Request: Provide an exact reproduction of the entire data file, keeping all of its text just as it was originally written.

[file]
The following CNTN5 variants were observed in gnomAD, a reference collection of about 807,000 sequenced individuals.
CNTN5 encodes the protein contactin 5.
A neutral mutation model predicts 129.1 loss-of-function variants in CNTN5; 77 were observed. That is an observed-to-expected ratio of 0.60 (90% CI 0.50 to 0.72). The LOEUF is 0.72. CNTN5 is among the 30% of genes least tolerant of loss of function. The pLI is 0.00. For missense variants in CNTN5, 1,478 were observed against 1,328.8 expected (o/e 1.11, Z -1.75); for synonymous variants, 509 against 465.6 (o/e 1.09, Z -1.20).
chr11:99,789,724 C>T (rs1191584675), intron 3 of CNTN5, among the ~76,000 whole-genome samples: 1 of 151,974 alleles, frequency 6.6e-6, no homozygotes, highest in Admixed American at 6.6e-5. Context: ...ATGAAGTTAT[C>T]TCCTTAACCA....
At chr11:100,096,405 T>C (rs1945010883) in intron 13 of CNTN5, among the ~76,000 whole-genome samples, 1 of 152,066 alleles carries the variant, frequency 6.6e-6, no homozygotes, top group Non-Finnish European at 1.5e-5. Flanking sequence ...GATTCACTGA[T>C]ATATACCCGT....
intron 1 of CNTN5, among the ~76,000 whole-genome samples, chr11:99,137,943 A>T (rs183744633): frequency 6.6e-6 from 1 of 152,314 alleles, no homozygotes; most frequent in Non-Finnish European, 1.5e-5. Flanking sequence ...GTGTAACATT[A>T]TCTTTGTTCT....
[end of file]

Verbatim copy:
The following CNTN5 variants were observed in gnomAD, a reference collection of about 807,000 sequenced individuals.
CNTN5 encodes the protein contactin 5.
A neutral mutation model predicts 129.1 loss-of-function variants in CNTN5; 77 were observed. That is an observed-to-expected ratio of 0.60 (90% CI 0.50 to 0.72). The LOEUF is 0.72. CNTN5 is among the 30% of genes least tolerant of loss of function. The pLI is 0.00. For missense variants in CNTN5, 1,478 were observed against 1,328.8 expected (o/e 1.11, Z -1.75); for synonymous variants, 509 against 465.6 (o/e 1.09, Z -1.20).
chr11:99,789,724 C>T (rs1191584675), intron 3 of CNTN5, among the ~76,000 whole-genome samples: 1 of 151,974 alleles, frequency 6.6e-6, no homozygotes, highest in Admixed American at 6.6e-5. Context: ...ATGAAGTTAT[C>T]TCCTTAACCA....
At chr11:100,096,405 T>C (rs1945010883) in intron 13 of CNTN5, among the ~76,000 whole-genome samples, 1 of 152,066 alleles carries the variant, frequency 6.6e-6, no homozygotes, top group Non-Finnish European at 1.5e-5. Flanking sequence ...GATTCACTGA[T>C]ATATACCCGT....
intron 1 of CNTN5, among the ~76,000 whole-genome samples, chr11:99,137,943 A>T (rs183744633): frequency 6.6e-6 from 1 of 152,314 alleles, no homozygotes; most frequent in Non-Finnish European, 1.5e-5. Flanking sequence ...GTGTAACATT[A>T]TCTTTGTTCT....